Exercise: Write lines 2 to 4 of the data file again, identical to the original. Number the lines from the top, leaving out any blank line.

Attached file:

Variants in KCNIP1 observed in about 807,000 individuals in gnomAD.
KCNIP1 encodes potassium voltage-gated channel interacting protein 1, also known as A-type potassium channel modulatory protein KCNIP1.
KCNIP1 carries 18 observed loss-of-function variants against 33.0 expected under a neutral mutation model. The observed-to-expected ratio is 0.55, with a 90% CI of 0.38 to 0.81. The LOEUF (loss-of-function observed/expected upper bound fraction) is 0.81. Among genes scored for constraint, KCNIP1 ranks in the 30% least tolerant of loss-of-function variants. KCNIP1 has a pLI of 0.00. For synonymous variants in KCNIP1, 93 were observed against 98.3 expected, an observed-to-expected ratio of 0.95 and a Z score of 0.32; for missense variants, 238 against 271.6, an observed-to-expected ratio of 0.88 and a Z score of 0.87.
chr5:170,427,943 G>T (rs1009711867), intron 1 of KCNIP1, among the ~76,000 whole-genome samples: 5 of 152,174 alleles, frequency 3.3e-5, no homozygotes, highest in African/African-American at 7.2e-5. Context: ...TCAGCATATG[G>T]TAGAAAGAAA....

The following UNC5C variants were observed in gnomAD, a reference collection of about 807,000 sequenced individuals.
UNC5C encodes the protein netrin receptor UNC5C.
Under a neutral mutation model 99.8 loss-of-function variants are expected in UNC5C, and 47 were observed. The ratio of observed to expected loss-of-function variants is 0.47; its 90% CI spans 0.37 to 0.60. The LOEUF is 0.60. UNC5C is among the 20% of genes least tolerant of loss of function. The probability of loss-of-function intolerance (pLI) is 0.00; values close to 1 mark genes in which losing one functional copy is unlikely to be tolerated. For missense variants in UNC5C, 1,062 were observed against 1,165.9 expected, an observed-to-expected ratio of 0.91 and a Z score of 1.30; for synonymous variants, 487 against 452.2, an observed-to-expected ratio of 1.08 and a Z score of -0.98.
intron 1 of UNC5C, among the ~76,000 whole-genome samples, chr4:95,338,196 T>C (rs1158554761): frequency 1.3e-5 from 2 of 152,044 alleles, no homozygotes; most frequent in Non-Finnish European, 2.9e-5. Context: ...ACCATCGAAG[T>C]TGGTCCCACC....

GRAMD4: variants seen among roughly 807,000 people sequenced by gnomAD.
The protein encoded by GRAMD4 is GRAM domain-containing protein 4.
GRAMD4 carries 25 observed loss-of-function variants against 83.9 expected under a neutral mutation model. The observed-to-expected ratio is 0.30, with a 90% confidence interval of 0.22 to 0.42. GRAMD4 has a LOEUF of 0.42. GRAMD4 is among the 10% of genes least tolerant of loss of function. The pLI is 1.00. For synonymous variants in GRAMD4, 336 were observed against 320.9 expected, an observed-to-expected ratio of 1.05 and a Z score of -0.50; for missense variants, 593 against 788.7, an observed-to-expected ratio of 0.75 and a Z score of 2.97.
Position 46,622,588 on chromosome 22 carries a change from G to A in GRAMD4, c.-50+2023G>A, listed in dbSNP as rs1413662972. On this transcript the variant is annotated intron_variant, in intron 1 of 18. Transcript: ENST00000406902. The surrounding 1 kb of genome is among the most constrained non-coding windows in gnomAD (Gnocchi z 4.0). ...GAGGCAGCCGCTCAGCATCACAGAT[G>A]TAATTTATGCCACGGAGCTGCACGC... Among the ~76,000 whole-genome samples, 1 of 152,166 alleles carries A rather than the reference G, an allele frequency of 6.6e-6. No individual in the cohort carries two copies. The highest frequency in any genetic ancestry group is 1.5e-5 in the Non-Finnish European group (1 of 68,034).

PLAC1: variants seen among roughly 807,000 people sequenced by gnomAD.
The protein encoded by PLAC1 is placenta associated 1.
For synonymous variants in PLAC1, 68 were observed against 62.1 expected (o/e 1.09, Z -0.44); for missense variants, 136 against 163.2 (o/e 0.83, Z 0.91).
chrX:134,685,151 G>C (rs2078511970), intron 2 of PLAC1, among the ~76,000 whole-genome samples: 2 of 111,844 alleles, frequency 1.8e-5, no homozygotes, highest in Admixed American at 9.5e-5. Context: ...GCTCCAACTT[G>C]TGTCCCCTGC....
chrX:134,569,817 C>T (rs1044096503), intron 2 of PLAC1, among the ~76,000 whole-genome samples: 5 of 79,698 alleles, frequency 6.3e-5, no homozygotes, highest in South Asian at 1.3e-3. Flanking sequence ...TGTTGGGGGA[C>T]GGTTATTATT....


KCNIP1 encodes potassium voltage-gated channel interacting protein 1, also known as A-type potassium channel modulatory protein KCNIP1.
KCNIP1 carries 18 observed loss-of-function variants against 33.0 expected under a neutral mutation model. The observed-to-expected ratio is 0.55, with a 90% CI of 0.38 to 0.81. The LOEUF (loss-of-function observed/expected upper bound fraction) is 0.81. Among genes scored for constraint, KCNIP1 ranks in the 30% least tolerant of loss-of-function variants. KCNIP1 has a pLI of 0.00. For synonymous variants in KCNIP1, 93 were observed against 98.3 expected, an observed-to-expected ratio of 0.95 and a Z score of 0.32; for missense variants, 238 against 271.6, an observed-to-expected ratio of 0.88 and a Z score of 0.87.
chr5:170,427,943 G>T (rs1009711867), intron 1 of KCNIP1, among the ~76,000 whole-genome samples: 5 of 152,174 alleles, frequency 3.3e-5, no homozygotes, highest in African/African-American at 7.2e-5. Context: ...TCAGCATATG[G>T]TAGAAAGAAA....